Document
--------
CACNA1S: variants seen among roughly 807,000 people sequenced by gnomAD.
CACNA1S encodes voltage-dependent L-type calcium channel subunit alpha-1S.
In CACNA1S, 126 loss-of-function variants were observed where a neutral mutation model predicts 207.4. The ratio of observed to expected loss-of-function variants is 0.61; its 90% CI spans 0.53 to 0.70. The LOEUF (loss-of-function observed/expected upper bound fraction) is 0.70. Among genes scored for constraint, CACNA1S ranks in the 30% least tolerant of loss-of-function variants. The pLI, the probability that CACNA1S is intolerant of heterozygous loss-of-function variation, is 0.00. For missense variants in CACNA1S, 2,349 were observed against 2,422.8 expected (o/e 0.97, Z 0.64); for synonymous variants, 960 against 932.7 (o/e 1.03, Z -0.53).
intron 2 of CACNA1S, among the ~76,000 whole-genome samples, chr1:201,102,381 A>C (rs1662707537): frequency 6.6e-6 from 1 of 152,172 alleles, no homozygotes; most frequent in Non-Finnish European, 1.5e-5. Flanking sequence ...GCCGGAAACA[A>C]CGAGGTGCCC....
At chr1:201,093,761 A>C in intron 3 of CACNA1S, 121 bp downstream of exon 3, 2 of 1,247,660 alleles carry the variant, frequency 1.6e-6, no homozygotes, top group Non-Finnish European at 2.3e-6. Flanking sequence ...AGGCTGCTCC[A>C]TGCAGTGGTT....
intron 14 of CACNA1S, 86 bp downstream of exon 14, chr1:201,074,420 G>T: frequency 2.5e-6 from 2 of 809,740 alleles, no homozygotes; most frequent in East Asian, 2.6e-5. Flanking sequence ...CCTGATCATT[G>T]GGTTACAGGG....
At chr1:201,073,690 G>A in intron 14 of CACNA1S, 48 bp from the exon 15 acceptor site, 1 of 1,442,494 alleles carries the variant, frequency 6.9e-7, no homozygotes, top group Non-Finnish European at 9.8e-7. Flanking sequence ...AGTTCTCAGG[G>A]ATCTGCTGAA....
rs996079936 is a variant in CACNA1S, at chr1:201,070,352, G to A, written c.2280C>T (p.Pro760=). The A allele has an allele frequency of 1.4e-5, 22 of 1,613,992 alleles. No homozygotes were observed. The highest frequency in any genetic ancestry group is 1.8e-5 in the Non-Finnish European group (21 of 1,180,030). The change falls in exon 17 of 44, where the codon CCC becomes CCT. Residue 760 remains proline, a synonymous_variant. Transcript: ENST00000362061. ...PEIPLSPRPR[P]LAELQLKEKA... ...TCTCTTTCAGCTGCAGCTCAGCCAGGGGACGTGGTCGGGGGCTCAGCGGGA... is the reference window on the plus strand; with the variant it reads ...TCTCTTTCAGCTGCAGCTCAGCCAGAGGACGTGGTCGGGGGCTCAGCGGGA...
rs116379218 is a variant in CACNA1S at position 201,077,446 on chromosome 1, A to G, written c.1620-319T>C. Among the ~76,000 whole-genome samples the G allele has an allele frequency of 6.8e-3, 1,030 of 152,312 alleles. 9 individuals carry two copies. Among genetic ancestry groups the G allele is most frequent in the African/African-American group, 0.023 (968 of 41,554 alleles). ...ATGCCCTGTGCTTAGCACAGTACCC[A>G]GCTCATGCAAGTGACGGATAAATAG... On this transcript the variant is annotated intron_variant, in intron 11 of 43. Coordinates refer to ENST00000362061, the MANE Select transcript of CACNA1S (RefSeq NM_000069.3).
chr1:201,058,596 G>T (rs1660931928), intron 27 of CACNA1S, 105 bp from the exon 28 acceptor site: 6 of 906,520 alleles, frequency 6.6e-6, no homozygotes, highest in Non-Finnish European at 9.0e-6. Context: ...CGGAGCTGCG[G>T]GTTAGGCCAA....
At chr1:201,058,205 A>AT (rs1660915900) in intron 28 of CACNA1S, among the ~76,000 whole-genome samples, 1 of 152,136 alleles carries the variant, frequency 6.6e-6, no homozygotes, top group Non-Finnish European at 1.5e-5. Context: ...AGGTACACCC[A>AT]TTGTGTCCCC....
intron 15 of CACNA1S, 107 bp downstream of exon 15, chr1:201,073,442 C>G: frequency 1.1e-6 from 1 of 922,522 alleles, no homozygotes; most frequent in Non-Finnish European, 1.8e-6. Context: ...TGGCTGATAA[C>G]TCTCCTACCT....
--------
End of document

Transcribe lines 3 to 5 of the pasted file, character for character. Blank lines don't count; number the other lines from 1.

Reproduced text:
In CACNA1S, 126 loss-of-function variants were observed where a neutral mutation model predicts 207.4. The ratio of observed to expected loss-of-function variants is 0.61; its 90% CI spans 0.53 to 0.70. The LOEUF (loss-of-function observed/expected upper bound fraction) is 0.70. Among genes scored for constraint, CACNA1S ranks in the 30% least tolerant of loss-of-function variants. The pLI, the probability that CACNA1S is intolerant of heterozygous loss-of-function variation, is 0.00. For missense variants in CACNA1S, 2,349 were observed against 2,422.8 expected (o/e 0.97, Z 0.64); for synonymous variants, 960 against 932.7 (o/e 1.03, Z -0.53).
intron 2 of CACNA1S, among the ~76,000 whole-genome samples, chr1:201,102,381 A>C (rs1662707537): frequency 6.6e-6 from 1 of 152,172 alleles, no homozygotes; most frequent in Non-Finnish European, 1.5e-5. Flanking sequence ...GCCGGAAACA[A>C]CGAGGTGCCC....
At chr1:201,093,761 A>C in intron 3 of CACNA1S, 121 bp downstream of exon 3, 2 of 1,247,660 alleles carry the variant, frequency 1.6e-6, no homozygotes, top group Non-Finnish European at 2.3e-6. Flanking sequence ...AGGCTGCTCC[A>C]TGCAGTGGTT....